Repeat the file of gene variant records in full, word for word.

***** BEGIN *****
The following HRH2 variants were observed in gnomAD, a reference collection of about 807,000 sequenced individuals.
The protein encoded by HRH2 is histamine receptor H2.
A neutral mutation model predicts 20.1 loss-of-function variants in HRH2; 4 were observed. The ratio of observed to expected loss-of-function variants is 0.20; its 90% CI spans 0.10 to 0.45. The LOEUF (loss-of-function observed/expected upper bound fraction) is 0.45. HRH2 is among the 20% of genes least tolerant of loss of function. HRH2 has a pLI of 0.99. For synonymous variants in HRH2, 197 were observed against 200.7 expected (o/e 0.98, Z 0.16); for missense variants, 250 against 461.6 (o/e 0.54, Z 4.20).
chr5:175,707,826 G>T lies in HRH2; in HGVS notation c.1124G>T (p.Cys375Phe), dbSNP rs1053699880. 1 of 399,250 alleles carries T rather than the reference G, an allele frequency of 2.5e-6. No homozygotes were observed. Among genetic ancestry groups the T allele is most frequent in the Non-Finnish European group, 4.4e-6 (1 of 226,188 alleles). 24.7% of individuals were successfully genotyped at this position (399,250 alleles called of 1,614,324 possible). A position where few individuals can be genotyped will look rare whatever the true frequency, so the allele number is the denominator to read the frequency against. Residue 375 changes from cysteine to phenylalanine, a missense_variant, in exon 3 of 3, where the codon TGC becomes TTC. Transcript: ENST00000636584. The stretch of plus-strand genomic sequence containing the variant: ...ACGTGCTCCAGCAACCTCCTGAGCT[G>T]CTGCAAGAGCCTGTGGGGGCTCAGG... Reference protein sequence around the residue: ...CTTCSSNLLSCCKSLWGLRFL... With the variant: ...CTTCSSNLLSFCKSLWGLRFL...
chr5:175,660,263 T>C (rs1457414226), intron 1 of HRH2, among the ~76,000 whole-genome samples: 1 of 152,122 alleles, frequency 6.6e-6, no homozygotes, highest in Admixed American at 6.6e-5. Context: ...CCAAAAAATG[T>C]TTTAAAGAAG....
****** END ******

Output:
The following HRH2 variants were observed in gnomAD, a reference collection of about 807,000 sequenced individuals.
The protein encoded by HRH2 is histamine receptor H2.
A neutral mutation model predicts 20.1 loss-of-function variants in HRH2; 4 were observed. The ratio of observed to expected loss-of-function variants is 0.20; its 90% CI spans 0.10 to 0.45. The LOEUF (loss-of-function observed/expected upper bound fraction) is 0.45. HRH2 is among the 20% of genes least tolerant of loss of function. HRH2 has a pLI of 0.99. For synonymous variants in HRH2, 197 were observed against 200.7 expected (o/e 0.98, Z 0.16); for missense variants, 250 against 461.6 (o/e 0.54, Z 4.20).
chr5:175,707,826 G>T lies in HRH2; in HGVS notation c.1124G>T (p.Cys375Phe), dbSNP rs1053699880. 1 of 399,250 alleles carries T rather than the reference G, an allele frequency of 2.5e-6. No homozygotes were observed. Among genetic ancestry groups the T allele is most frequent in the Non-Finnish European group, 4.4e-6 (1 of 226,188 alleles). 24.7% of individuals were successfully genotyped at this position (399,250 alleles called of 1,614,324 possible). A position where few individuals can be genotyped will look rare whatever the true frequency, so the allele number is the denominator to read the frequency against. Residue 375 changes from cysteine to phenylalanine, a missense_variant, in exon 3 of 3, where the codon TGC becomes TTC. Transcript: ENST00000636584. The stretch of plus-strand genomic sequence containing the variant: ...ACGTGCTCCAGCAACCTCCTGAGCT[G>T]CTGCAAGAGCCTGTGGGGGCTCAGG... Reference protein sequence around the residue: ...CTTCSSNLLSCCKSLWGLRFL... With the variant: ...CTTCSSNLLSFCKSLWGLRFL...
chr5:175,660,263 T>C (rs1457414226), intron 1 of HRH2, among the ~76,000 whole-genome samples: 1 of 152,122 alleles, frequency 6.6e-6, no homozygotes, highest in Admixed American at 6.6e-5. Context: ...CCAAAAAATG[T>C]TTTAAAGAAG....